Female Sergeant Says She Was Urged To Lie Says Mckinney Pushed Her To Have Sex, Used His Power In Attempt To Seduce Her
The Army’s top enlisted man repeatedly referred to his powerful position and his ability to “make things happen” during his ardent pursuit of a female sergeant, she testified Friday.
Sgt. Christine Petrow said at an Army hearing that on several occasions Army Sgt.
Maj. Gene McKinney urged her to have sex with him and hugged and kissed her. She said she always resisted his advances.
Prosecutors said Petrow is receiving special protection from the Army because her life was threatened by unidentified persons since she began cooperating with investigators.
Obscenities were carved on her door, her apartment was broken into and the perpetrators stole court papers and ripped the head off one of her stuffed animals.
The case against McKinney, which follows months of military sex scandals, is potentially the most damaging to overall Army morale. McKinney, 46, is a popular, affable figure who is both the ceremonial and practical leader of the Army rank-and-file. His job is to do well by them with the top brass and to project a positive, powerful image of the U.S. soldier around the world.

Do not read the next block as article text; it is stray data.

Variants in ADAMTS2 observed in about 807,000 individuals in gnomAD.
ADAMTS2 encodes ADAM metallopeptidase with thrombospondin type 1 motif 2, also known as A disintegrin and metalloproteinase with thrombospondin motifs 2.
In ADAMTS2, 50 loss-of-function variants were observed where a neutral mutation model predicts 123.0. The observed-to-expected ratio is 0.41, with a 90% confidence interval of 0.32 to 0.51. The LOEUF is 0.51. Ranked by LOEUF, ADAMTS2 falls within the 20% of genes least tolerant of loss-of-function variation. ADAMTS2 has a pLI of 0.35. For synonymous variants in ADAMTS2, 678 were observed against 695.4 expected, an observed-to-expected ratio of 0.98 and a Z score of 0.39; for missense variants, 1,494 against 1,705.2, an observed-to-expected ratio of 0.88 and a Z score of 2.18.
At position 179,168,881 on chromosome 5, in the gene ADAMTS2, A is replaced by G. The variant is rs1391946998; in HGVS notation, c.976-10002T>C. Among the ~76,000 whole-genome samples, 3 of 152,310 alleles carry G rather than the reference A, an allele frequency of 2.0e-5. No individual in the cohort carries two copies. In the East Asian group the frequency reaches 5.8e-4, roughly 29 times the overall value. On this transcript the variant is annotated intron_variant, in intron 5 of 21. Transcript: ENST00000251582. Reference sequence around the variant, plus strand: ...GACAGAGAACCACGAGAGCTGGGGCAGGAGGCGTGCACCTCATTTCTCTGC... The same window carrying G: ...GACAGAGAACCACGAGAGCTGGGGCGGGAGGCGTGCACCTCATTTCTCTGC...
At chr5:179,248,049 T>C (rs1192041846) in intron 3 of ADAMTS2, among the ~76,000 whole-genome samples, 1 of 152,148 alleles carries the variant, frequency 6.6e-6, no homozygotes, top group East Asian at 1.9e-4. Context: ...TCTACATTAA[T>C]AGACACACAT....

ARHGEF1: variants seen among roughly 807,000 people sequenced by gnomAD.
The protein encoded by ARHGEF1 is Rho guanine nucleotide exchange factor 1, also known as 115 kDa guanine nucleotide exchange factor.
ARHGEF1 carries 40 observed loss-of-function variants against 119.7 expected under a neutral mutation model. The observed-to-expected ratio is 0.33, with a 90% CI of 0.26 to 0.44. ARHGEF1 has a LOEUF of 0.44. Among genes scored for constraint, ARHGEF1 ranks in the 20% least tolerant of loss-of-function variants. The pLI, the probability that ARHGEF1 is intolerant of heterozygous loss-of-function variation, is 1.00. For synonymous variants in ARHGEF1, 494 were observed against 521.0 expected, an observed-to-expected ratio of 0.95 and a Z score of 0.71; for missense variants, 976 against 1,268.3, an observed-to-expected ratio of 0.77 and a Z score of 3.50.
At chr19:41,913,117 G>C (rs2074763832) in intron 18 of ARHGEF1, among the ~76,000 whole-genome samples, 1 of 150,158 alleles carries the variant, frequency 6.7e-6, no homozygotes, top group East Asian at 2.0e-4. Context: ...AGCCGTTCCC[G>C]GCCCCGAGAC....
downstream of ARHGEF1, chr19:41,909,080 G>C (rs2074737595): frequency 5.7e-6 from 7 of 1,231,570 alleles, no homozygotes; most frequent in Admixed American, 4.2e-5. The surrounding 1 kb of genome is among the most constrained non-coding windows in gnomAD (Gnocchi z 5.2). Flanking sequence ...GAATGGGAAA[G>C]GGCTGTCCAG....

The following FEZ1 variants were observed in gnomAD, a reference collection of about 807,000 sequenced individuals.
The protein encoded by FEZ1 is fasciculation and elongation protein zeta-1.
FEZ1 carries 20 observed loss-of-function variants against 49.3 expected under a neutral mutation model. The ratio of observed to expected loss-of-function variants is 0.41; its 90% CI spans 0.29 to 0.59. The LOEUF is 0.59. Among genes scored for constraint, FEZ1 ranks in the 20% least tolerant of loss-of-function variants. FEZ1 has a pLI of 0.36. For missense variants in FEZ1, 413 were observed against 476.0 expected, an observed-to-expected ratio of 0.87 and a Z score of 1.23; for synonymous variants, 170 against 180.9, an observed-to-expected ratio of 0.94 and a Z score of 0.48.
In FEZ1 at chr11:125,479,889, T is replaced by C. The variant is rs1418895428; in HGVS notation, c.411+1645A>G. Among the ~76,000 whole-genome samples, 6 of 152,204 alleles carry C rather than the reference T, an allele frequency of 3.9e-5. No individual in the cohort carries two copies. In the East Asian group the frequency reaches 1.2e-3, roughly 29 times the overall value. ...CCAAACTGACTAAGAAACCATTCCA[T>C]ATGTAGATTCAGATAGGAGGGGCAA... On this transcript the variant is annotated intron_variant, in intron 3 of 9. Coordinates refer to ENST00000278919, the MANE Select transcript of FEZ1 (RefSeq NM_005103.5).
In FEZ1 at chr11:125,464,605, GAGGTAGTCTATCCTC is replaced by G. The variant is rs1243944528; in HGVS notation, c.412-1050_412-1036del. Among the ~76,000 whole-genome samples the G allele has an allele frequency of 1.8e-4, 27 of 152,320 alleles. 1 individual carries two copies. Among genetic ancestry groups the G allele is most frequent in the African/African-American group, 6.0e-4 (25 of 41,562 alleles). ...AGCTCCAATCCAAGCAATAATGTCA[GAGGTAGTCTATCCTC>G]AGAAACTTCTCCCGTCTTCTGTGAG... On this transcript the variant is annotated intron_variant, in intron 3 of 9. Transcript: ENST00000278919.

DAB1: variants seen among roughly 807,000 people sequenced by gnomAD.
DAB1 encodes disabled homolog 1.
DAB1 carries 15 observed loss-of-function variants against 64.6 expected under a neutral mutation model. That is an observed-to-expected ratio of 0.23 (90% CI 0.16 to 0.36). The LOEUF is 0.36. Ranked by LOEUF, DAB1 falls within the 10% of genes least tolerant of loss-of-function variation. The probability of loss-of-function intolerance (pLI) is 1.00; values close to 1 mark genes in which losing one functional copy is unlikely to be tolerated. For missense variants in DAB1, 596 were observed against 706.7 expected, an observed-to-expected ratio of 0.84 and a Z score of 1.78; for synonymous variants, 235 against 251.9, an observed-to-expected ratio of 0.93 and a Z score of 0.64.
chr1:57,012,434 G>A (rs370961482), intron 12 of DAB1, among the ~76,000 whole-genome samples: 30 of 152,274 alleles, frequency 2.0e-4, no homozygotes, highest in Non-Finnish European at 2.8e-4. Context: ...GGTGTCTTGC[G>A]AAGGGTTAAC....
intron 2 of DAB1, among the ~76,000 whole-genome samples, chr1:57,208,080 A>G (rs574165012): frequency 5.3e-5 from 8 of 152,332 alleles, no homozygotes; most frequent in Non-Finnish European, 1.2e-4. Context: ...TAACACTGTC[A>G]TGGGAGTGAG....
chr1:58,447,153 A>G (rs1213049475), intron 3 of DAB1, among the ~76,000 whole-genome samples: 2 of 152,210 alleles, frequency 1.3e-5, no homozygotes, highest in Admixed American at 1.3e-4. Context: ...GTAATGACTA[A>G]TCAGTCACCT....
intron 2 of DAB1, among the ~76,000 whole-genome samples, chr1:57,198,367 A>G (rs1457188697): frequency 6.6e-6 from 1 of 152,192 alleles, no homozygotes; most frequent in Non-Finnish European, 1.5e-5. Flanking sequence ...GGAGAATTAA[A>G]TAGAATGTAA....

He is charged with 18 criminal counts involving four women whom he allegedly propositioned, some repeatedly, and is accused of having sex with one of them against her wishes, for which he is charged with adultery and assault.
One of four women who have accused McKinney of improper sexual behavior, Petrow testified at a hearing at Fort McNair to determine whether he should be court-martialed.
During the session, prosecutors played the tape of a Feb. 18 telephone conversation in which McKinney told Petrow that investigators were trying to “make me look like a bad guy.”
She told him that she had been questioned and that she did not want to get involved.
“All you have to do is tell them we talked a lot,” McKinney was heard saying on the tape played in the hearing room. “You called the office and we talked about career development stuff. That’s all they need to know. That’s it, period.”
He urged her to tell investigators that the only time they saw each other was when she came by his home and he introduced her to his wife, Petrow testified.
Petrow said they actually saw each other several times, including once when he took her to his office when no one else was there.
Unknown to McKinney, Army investigators attached a tape recorder to Petrow’s telephone and she recorded their conversation.
The sergeant said she met McKinney in October 1994 at a convention of the Association of the U.S. Army. They were among several people having drinks in a hotel bar. He left the table and then beckoned to her to join him across the room.
She said he invited her to his room, and when she suggested the others join them, he said, “No, just you, just you.”
When she declined, she said he told her “he was someone who could make things happen.”
She quoted McKinney as saying, “Don’t you know, you’re what I need.”
Over the following months, he called her repeatedly, often asking her to meet him, Petrow said, adding she consistently refused.